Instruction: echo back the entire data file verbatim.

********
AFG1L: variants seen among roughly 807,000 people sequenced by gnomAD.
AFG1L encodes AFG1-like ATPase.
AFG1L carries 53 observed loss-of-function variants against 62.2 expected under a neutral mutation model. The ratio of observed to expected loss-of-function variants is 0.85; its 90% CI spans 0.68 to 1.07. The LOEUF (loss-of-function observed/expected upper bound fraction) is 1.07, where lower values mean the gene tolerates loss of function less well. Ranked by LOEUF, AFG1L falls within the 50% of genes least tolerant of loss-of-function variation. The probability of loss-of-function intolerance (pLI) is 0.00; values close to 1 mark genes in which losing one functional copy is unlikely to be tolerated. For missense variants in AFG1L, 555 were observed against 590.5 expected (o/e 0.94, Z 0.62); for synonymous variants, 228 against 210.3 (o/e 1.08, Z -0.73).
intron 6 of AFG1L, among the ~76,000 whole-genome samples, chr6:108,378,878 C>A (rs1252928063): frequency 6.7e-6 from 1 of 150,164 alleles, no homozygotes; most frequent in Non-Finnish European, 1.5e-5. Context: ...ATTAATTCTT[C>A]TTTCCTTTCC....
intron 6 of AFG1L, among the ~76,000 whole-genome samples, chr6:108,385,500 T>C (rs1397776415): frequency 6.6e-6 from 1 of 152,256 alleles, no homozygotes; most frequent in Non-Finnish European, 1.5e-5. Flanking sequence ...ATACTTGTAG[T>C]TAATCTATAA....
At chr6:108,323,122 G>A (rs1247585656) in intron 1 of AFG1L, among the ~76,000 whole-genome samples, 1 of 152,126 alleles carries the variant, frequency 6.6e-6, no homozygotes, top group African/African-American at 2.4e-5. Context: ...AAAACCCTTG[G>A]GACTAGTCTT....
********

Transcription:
AFG1L: variants seen among roughly 807,000 people sequenced by gnomAD.
AFG1L encodes AFG1-like ATPase.
AFG1L carries 53 observed loss-of-function variants against 62.2 expected under a neutral mutation model. The ratio of observed to expected loss-of-function variants is 0.85; its 90% CI spans 0.68 to 1.07. The LOEUF (loss-of-function observed/expected upper bound fraction) is 1.07, where lower values mean the gene tolerates loss of function less well. Ranked by LOEUF, AFG1L falls within the 50% of genes least tolerant of loss-of-function variation. The probability of loss-of-function intolerance (pLI) is 0.00; values close to 1 mark genes in which losing one functional copy is unlikely to be tolerated. For missense variants in AFG1L, 555 were observed against 590.5 expected (o/e 0.94, Z 0.62); for synonymous variants, 228 against 210.3 (o/e 1.08, Z -0.73).
intron 6 of AFG1L, among the ~76,000 whole-genome samples, chr6:108,378,878 C>A (rs1252928063): frequency 6.7e-6 from 1 of 150,164 alleles, no homozygotes; most frequent in Non-Finnish European, 1.5e-5. Context: ...ATTAATTCTT[C>A]TTTCCTTTCC....
intron 6 of AFG1L, among the ~76,000 whole-genome samples, chr6:108,385,500 T>C (rs1397776415): frequency 6.6e-6 from 1 of 152,256 alleles, no homozygotes; most frequent in Non-Finnish European, 1.5e-5. Flanking sequence ...ATACTTGTAG[T>C]TAATCTATAA....
At chr6:108,323,122 G>A (rs1247585656) in intron 1 of AFG1L, among the ~76,000 whole-genome samples, 1 of 152,126 alleles carries the variant, frequency 6.6e-6, no homozygotes, top group African/African-American at 2.4e-5. Context: ...AAAACCCTTG[G>A]GACTAGTCTT....